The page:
What is rsync
We can run the
whatis rsync command to get a short description without opening the man page
rsync (1) - a fast, versatile, remote (and local) file-copying tool
Rsync is the ultimate tool for copying files and is loved by many people. It offers many advantages over traditional methods like SCP or FTP which are linear file transfer tools. Rsync checks the delta of files between the source and the destination and only transfers the difference. Additionally it allows an option for easy compression of files before they are sent over the network.
Say I have a folder of movies in my home directory on this computer that I wanted to copy to another machine I have ssh access to called fry. To do this I could use the command:
rsync -avz ~/Movies user@fry:~/Videos/
First let me cover what these options mean.
-a, --archive Archive basically tells rsync to copy (and preserve) everything about the source files except hardlinks and extended attributes. It will also tell rsync to recurse into directories (-r). -v, --verbose Prints out files to the stdout so you can see what's happening -z, --compress Compresses data during transfer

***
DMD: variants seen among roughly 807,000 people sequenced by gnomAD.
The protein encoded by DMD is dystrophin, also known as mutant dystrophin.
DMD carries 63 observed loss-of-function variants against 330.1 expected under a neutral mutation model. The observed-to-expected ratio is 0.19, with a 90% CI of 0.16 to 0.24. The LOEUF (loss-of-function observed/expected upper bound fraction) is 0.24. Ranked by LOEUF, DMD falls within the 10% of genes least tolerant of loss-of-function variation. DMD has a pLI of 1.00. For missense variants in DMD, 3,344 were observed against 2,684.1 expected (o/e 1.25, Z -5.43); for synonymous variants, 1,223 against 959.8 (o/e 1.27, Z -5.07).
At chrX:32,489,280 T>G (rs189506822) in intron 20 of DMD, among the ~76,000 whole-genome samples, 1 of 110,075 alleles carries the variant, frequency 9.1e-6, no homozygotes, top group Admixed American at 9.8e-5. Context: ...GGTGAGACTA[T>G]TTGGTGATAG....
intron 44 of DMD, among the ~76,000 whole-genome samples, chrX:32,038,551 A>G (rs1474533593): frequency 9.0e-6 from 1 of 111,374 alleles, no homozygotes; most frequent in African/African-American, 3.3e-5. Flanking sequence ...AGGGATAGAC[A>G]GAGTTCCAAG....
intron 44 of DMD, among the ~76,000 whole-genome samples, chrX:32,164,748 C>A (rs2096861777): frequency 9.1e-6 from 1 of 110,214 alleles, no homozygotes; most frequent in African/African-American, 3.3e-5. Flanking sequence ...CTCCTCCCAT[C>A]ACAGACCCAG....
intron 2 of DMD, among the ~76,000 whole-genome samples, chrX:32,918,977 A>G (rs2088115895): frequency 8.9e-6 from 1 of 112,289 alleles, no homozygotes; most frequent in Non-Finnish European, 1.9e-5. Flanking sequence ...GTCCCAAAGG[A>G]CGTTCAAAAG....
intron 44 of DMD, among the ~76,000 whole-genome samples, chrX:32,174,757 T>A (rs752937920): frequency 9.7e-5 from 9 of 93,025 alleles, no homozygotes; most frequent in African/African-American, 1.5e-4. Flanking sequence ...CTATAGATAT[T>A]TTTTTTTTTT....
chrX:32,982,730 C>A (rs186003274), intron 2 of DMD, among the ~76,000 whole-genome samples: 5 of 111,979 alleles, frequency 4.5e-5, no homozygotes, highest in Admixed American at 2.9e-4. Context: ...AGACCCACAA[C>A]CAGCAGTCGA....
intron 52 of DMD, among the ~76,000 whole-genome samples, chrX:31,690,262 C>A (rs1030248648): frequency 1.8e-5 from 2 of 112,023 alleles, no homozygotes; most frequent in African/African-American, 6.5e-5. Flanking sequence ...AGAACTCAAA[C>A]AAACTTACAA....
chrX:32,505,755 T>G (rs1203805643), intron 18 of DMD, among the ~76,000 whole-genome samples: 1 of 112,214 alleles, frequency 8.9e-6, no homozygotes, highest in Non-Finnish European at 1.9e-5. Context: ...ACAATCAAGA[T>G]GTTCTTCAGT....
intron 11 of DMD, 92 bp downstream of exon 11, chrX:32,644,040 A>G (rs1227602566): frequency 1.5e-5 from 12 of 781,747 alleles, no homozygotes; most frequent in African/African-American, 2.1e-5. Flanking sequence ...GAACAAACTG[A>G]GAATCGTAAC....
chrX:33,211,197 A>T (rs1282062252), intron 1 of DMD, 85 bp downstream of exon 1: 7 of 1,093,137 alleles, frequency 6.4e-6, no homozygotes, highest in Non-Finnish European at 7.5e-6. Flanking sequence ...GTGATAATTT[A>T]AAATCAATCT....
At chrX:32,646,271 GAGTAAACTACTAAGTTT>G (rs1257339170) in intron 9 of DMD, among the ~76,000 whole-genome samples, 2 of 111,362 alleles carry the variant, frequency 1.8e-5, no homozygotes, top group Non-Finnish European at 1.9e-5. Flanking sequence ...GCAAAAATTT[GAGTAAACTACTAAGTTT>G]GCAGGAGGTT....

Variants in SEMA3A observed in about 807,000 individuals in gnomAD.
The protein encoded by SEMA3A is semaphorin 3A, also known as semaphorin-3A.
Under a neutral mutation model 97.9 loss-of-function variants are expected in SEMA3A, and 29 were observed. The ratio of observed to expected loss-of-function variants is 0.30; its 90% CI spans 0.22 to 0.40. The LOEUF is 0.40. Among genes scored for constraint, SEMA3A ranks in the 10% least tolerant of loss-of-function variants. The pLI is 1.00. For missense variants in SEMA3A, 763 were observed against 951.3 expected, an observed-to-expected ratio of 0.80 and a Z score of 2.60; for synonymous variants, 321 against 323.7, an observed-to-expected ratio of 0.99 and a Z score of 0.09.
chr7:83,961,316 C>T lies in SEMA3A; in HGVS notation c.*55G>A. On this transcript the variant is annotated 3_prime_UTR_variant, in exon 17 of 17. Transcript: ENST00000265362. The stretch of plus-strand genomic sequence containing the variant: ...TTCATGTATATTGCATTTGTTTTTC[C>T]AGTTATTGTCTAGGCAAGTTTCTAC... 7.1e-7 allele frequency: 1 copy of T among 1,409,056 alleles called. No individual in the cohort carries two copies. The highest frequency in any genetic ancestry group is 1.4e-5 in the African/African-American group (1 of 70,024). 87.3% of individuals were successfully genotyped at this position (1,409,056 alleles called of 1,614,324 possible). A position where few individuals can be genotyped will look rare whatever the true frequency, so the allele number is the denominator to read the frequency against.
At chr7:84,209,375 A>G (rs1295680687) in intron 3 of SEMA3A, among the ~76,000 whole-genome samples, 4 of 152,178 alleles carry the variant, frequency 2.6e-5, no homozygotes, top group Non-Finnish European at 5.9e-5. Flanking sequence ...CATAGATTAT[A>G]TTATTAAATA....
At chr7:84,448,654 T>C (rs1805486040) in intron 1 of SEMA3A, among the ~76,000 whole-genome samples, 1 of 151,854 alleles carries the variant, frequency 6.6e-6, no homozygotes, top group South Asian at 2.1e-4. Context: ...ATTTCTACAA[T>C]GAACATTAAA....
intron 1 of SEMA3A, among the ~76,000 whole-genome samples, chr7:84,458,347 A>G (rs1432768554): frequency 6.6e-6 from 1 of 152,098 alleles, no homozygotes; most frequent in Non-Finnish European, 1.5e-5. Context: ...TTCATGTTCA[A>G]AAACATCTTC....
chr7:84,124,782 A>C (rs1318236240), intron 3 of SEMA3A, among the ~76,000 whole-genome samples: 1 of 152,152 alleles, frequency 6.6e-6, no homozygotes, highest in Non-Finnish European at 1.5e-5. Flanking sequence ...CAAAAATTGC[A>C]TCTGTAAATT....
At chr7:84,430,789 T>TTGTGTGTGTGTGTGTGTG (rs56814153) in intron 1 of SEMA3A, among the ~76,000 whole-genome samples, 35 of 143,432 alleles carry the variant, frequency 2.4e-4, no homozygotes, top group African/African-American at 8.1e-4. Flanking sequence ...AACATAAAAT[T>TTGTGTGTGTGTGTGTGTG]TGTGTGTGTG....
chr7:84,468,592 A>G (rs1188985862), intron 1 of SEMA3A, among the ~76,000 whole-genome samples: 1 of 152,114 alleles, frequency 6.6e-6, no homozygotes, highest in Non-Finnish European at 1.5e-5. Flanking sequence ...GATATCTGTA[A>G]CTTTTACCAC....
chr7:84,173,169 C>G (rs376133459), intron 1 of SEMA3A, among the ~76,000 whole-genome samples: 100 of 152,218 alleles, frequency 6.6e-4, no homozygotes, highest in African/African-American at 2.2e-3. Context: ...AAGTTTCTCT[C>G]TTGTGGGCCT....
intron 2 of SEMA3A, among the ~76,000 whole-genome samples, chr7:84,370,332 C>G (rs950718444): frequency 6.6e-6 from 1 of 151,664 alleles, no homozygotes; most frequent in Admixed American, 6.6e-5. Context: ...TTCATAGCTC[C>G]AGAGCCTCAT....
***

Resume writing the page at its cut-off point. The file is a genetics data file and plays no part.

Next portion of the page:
As far as specifying directories, if it is on the local machine, use the regular path to the directory. If you are using a remote machine (ssh) as the source or destination, you will have to specify a hostname at minimum and optionally a user, protocol, and port to use followed by a colon (:) and the desired path. To use the rsync daemon, just add another colon (::).
One thing to note is if you are using -a or -r, you will be recursing into that directory. So just watch out if your source is a directory, the trailing forward slash will mean different things.
If it is not present (like in the example) the directory itself will be copied to the destination.
If it is present, the contents of that directory will be copied to the destination.
More useful options
-h, --human-readable Shows file sizes in appropriate measurements (MB, GB, TB, etc.) -P, --partial and --progress This will show you a progress bar with files as they are transferred and will save partial files. -n, --dry-run Test out an operation before you actually do it. -u, --update Will skip files that are newer on receiver -C, --cvs-exclude Skips folders for version control such as .git and other binary, object and temp files (see FILTER RULES)
While these may be the most common, there are many many more options for rsync and I recommend checking out the man page if you feel the urge.